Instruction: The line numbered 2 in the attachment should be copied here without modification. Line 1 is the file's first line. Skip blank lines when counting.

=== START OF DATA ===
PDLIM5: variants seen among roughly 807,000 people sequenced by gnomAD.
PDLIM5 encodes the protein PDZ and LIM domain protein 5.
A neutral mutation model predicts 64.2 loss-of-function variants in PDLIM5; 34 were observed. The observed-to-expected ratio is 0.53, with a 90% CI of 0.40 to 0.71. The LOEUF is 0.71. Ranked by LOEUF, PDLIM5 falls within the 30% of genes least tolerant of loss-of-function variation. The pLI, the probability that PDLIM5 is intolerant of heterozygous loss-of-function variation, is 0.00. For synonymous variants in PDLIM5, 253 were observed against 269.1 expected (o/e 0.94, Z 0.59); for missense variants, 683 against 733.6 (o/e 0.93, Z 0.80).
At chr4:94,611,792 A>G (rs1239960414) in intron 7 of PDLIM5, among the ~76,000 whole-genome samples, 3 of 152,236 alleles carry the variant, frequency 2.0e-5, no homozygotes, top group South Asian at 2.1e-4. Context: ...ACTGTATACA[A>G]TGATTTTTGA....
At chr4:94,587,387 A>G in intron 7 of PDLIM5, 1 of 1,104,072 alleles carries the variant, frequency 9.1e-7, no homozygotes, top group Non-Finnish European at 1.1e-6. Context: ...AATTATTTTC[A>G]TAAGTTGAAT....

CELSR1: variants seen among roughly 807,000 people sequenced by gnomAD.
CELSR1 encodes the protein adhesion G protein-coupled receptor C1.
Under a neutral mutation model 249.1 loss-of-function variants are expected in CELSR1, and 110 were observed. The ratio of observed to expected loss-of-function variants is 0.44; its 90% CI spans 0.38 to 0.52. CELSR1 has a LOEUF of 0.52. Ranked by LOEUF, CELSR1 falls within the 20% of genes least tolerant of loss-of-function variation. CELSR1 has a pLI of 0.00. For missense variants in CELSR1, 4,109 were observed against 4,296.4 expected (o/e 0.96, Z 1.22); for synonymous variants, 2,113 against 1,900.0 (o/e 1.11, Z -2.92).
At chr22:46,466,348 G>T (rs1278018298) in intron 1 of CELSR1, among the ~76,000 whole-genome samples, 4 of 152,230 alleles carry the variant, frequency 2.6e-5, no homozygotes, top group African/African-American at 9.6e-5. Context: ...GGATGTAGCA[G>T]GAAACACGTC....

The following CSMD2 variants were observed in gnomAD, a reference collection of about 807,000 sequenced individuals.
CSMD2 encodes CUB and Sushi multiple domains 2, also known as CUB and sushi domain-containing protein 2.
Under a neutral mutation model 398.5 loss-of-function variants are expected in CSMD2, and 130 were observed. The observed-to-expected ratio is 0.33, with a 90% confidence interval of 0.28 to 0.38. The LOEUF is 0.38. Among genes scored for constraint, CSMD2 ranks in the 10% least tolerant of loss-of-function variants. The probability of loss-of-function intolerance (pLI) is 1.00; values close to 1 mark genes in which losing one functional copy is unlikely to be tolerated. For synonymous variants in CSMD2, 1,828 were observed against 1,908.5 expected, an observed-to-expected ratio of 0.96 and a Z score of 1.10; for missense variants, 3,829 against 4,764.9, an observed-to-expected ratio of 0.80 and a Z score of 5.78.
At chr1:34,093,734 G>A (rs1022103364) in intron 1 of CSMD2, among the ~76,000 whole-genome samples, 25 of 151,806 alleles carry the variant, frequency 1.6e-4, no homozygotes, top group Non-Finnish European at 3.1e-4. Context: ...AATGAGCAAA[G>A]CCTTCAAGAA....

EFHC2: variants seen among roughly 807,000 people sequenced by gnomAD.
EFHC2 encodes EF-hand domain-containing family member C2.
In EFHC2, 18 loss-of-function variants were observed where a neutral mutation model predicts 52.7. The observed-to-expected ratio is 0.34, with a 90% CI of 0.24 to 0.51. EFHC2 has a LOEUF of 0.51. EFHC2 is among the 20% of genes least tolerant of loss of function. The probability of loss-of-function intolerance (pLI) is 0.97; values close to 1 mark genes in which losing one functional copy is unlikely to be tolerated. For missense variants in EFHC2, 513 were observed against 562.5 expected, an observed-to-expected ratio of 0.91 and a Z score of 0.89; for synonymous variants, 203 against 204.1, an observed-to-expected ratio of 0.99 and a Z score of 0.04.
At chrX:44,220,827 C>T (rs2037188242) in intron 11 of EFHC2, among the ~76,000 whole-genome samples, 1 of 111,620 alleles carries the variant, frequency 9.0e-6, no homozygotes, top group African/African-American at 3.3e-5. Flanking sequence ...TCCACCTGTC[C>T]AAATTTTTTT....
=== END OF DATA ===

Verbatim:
PDLIM5 encodes the protein PDZ and LIM domain protein 5.